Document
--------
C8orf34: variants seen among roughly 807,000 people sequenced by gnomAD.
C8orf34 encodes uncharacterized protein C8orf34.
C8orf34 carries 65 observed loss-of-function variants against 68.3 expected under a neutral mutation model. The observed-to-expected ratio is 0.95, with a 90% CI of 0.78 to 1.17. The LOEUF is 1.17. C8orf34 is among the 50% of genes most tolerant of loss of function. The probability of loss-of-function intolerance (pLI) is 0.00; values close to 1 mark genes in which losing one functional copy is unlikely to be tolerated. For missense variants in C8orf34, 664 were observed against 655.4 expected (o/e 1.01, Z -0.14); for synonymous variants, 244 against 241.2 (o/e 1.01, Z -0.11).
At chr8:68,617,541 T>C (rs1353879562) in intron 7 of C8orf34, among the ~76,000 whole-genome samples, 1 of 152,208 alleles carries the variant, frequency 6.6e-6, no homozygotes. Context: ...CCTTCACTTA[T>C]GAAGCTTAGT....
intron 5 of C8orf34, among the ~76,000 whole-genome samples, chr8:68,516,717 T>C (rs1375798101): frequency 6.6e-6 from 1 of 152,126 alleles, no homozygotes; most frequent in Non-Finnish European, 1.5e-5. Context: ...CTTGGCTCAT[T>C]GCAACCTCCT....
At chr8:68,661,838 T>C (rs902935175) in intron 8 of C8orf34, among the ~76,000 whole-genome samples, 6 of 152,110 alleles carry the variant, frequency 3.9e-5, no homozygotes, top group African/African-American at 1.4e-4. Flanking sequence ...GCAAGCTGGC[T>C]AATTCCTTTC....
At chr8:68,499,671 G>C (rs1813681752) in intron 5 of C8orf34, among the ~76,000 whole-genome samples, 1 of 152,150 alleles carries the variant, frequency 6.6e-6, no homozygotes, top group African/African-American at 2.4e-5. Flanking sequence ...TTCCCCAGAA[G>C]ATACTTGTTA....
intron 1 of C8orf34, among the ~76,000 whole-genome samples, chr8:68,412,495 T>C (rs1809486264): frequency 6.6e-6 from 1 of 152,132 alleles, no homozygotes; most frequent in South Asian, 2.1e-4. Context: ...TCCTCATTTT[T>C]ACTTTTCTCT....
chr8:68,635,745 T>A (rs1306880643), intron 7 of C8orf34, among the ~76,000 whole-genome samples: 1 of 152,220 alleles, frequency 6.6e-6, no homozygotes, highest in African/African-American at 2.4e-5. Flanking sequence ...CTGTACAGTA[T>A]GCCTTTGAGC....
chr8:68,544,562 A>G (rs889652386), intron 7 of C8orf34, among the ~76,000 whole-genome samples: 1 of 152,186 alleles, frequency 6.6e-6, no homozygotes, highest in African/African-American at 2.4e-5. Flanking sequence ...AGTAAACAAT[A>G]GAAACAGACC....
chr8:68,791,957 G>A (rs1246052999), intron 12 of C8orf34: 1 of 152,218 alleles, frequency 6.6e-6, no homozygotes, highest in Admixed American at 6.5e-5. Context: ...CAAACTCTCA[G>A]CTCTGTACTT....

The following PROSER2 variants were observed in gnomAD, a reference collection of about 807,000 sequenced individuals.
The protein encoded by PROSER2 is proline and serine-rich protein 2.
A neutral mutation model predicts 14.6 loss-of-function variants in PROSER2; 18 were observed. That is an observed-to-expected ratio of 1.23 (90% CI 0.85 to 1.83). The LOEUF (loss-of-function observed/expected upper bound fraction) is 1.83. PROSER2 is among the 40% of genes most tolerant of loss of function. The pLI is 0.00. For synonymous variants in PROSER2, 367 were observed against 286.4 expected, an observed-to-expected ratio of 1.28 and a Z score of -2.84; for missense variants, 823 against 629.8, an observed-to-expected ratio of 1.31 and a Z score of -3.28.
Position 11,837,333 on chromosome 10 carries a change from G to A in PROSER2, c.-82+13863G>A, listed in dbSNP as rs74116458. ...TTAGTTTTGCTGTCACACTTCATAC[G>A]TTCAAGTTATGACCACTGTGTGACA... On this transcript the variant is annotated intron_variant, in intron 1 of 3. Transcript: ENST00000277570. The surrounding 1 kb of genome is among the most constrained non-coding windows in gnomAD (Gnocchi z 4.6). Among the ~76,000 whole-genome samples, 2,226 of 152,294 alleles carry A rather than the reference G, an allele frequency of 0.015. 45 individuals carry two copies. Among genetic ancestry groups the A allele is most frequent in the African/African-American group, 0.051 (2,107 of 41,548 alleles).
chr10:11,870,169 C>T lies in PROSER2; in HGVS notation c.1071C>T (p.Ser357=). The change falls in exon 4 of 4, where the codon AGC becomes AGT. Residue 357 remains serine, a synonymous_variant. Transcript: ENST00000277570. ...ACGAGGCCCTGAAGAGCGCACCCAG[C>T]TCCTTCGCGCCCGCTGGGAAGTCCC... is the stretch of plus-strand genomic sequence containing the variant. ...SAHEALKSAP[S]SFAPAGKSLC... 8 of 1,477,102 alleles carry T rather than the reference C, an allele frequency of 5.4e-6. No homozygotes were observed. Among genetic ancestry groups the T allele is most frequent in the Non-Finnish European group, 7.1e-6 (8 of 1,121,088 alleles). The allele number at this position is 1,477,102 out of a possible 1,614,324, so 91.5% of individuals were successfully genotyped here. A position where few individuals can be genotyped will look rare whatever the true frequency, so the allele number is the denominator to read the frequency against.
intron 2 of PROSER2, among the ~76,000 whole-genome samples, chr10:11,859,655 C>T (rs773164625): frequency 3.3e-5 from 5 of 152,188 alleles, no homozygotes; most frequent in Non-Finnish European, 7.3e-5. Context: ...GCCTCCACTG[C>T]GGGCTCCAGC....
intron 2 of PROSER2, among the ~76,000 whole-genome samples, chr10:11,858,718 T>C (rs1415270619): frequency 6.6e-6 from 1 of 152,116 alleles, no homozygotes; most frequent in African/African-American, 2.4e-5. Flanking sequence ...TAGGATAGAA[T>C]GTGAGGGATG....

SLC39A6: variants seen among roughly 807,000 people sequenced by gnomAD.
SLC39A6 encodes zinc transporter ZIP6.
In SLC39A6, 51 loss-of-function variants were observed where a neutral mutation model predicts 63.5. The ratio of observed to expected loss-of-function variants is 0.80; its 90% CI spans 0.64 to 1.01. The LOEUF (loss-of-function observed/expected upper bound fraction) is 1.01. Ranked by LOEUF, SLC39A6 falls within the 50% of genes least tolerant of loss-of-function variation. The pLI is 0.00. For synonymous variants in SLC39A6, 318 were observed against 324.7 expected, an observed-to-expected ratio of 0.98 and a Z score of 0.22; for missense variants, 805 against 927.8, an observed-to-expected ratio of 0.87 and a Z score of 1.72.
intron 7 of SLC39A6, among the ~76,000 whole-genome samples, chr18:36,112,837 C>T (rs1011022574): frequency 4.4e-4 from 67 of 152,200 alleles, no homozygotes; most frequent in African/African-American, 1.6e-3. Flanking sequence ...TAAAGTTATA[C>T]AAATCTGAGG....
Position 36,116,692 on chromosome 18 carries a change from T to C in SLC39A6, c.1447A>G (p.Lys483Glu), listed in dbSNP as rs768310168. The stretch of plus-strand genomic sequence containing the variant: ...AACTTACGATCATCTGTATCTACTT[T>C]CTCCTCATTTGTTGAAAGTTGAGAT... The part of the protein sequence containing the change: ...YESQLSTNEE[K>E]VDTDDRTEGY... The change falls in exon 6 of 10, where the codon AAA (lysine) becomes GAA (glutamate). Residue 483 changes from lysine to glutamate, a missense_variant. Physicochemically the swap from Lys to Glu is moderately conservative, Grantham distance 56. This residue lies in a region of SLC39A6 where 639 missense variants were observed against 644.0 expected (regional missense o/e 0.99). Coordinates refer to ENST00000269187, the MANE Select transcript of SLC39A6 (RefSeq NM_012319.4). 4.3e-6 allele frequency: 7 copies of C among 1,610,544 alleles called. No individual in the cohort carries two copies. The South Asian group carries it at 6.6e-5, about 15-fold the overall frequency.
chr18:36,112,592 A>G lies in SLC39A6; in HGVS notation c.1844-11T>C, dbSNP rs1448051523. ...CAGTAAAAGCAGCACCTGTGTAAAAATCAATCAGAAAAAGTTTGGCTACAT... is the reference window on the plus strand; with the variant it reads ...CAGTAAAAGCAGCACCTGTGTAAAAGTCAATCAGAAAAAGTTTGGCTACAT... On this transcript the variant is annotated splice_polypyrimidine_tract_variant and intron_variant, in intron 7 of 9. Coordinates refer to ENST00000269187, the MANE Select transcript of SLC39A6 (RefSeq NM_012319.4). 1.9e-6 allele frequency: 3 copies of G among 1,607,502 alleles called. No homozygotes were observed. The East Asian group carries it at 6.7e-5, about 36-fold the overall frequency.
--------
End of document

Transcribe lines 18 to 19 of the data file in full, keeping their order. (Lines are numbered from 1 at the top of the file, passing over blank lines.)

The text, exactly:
intron 2 of PROSER2, among the ~76,000 whole-genome samples, chr10:11,858,718 T>C (rs1415270619): frequency 6.6e-6 from 1 of 152,116 alleles, no homozygotes; most frequent in African/African-American, 2.4e-5. Flanking sequence ...TAGGATAGAA[T>C]GTGAGGGATG....

SLC39A6: variants seen among roughly 807,000 people sequenced by gnomAD.